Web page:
(1788–1865), Presbyterian liberal, Arian, and non-subscriber. He combined the pastorate of Dunmurry, Co. Antrim, with the headmastership of the English school in the Belfast Academical Institution, and was Henry Cooke's main antagonist in the second subscription controversy. A champion of Catholic emancipation, Montgomery influenced Peel in the legislation to secure members of the Remonstrant Synod and other anti-trinitarians in the possession of their congregational properties—the Dissenters' Chapels Act of 1844. A conservative radical, he was disturbed in later life by the full-blown unitarianism of some of the younger non-subscribing Presbyterians.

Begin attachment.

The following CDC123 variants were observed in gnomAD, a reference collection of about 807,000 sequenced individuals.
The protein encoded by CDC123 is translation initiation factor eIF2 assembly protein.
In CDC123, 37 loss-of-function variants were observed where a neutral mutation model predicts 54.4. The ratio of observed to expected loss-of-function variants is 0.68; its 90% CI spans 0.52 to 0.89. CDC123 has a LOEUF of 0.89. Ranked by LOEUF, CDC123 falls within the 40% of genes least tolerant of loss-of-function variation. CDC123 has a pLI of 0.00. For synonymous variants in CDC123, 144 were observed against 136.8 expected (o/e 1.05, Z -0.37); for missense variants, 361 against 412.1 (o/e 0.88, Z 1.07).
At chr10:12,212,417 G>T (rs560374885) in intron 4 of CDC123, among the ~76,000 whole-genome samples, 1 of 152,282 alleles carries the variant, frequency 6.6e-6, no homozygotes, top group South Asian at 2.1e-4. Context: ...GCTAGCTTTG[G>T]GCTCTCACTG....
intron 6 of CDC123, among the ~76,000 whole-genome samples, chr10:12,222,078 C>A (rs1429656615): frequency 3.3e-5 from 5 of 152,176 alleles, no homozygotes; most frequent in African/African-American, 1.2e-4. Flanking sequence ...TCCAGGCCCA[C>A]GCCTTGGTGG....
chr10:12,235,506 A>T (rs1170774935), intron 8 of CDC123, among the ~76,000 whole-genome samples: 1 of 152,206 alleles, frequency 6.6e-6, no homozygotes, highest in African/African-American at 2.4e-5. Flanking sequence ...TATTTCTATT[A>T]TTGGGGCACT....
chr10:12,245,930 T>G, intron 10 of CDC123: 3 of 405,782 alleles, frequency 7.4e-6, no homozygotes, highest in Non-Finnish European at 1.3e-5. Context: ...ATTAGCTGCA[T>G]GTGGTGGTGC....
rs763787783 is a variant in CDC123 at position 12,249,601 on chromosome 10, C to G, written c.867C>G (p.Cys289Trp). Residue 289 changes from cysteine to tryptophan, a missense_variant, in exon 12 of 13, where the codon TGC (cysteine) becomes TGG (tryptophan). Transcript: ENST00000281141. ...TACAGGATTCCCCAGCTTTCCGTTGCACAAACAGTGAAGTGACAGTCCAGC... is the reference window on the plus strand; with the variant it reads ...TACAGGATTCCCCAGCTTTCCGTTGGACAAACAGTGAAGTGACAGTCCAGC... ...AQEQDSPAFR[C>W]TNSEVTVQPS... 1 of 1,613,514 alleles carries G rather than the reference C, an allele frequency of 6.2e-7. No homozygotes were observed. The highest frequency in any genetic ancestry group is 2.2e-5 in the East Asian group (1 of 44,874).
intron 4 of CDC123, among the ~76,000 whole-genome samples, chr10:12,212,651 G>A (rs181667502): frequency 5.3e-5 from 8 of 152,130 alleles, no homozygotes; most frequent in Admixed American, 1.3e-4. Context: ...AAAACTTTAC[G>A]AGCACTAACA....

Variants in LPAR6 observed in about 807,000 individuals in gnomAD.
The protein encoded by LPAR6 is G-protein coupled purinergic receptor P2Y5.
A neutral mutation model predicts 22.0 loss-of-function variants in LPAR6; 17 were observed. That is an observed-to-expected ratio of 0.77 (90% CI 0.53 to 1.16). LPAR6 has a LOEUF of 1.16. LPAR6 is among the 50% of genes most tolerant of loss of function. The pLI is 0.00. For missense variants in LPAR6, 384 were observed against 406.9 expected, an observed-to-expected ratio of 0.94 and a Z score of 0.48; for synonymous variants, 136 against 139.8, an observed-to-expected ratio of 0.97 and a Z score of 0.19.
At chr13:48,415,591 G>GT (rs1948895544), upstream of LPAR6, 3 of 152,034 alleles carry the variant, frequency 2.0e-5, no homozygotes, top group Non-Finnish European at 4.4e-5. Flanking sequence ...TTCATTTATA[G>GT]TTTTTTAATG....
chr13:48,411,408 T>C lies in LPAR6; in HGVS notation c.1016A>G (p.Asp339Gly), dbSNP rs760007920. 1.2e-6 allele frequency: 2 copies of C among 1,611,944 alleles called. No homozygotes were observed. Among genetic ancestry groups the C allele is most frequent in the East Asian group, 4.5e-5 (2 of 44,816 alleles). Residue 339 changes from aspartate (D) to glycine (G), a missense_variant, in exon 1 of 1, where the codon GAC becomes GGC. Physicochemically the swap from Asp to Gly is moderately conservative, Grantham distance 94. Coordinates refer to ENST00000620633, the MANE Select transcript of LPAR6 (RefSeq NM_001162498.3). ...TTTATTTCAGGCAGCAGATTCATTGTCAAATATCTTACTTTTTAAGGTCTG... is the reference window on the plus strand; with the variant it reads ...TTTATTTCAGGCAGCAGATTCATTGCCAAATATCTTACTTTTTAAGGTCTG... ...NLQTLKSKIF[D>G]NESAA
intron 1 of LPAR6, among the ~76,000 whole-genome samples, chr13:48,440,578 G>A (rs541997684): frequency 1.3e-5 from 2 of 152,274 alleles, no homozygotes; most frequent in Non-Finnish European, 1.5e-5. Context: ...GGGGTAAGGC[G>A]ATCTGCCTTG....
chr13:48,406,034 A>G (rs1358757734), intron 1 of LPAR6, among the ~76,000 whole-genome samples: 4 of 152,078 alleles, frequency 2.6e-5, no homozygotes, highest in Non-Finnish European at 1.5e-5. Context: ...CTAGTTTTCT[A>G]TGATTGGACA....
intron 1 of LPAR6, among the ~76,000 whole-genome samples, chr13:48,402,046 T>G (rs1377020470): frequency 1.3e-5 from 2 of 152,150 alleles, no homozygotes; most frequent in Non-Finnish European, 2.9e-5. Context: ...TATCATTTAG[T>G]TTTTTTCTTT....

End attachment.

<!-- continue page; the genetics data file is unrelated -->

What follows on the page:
From The Oxford Companion to Irish History in Oxford Reference.
Subjects: European History.